[Coral-List] Seismic testing info for time ecott

Gene Shinn eshinn at marine.usf.edu
Tue May 15 15:07:56 EDT 2007

Dear Time Ecott, Modern seismic testing is done with what are called 
air guns. 500 to 2000 psi air is released suddenly to create a signal 
that penetrates the bottom and bounces off various layers to make a 
picture of the underlying stratigraphy. Think of a fish finder on a 
larger scale. In the 1970s I swam to within 12 feet of one that was 
firing and made 16 mm movies.  It did not affect my ears but was a 
heck of a jolt to my chest.  Normally there would be a dozen or more 
firing simultaneously. That is much more severe. I filmed them from 
about 40 ft away...as close as you would want to get.  Nevertheless 
they are no threat to coral reefs.
     Before air guns came into use the sound source was dynamite and 
or ammonium nitrate (fertilizer similar to Oklahoma City Bomb) That 
makes a terrible multi-frequency jolt much stronger than air guns. It 
will kill fish 100 ft away.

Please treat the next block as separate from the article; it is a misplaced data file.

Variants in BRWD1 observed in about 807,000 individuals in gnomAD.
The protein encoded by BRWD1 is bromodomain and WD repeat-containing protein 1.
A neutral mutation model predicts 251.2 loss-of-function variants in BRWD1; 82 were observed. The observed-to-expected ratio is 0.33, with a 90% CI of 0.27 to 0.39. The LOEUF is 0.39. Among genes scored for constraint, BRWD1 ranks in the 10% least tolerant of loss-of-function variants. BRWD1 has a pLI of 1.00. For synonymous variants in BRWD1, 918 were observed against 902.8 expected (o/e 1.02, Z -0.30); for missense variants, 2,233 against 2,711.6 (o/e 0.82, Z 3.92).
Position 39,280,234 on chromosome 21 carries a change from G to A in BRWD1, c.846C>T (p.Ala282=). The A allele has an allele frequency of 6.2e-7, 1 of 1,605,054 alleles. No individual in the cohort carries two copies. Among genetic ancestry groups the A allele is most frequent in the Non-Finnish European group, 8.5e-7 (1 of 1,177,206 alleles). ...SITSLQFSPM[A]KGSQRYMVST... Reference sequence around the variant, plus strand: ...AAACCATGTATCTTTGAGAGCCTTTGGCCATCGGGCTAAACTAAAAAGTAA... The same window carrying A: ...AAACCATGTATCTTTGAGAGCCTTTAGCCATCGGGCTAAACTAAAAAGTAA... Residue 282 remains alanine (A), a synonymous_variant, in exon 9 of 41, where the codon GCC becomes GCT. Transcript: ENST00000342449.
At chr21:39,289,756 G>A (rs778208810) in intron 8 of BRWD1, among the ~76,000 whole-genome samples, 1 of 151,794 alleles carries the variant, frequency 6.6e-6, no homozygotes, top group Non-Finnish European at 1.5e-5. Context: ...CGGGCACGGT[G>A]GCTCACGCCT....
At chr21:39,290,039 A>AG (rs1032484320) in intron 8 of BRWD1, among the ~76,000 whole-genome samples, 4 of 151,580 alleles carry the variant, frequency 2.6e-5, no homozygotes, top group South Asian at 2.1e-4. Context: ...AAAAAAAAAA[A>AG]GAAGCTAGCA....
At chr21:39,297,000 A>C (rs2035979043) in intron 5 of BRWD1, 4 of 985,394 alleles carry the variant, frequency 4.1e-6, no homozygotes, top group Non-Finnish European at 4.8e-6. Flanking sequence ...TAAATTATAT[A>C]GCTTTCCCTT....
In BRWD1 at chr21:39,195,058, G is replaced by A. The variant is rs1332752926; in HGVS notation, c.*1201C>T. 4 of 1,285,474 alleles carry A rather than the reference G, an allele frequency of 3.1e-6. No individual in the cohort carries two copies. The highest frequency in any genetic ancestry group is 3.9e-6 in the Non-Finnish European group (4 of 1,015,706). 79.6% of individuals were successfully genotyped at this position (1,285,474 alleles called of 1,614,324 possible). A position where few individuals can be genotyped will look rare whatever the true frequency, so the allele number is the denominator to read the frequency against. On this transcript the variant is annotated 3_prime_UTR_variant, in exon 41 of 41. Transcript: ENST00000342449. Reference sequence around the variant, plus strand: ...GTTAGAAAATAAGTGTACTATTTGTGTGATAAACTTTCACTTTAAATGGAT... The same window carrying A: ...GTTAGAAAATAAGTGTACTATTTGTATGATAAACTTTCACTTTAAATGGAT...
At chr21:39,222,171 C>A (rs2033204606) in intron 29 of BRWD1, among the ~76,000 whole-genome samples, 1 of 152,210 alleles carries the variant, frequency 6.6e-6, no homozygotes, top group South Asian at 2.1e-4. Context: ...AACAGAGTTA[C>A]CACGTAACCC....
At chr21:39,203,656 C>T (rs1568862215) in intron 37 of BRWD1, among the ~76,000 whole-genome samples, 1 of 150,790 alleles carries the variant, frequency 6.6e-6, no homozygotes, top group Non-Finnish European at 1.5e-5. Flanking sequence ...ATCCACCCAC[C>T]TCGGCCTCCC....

In the early 1950s thousands of 50 lb charges were shot on the bottom 
up and down the Florida Keys..They were mostly shot on the bottom in 
the marine grass areas in Hawk Channel. Look at any old Florida Keys 
aerial photography (1950s through 1960s) and you will see hundreds of 
evenly spaced 50-ft-diameter bare areas in the turtle grass. By the 
1970s they had healed over and were no longer visible.  The staging 
area was a place called the Dynamite Docks on the east side of north 
Key Largo. You may still find the place mentioned on maps and wonder 
why it was called that.  Also, boomers (electronic plates that act 
like a woofer or think of a inner city boom car) are used for high 
resolution seismic investigation such as those used to determine the 
thickness of Holocene  sand, mud and coral reefs. They do no harm to 
fish or corals.
    I know nothing about the pingers used by the Navy that have 
recently  been implicatedf  with mammal deaths.

No Rocks, No Water, No Ecosystem (EAS)
------------------------------------ -----------------------------------
E. A. Shinn, Courtesy Professor
University of South Florida
Marine Science Center (room 204)
140 Seventh Avenue South
St. Petersburg, FL 33701
<eshinn at marine.usf.edu>
Tel 727 553-1158---------------------------------- 

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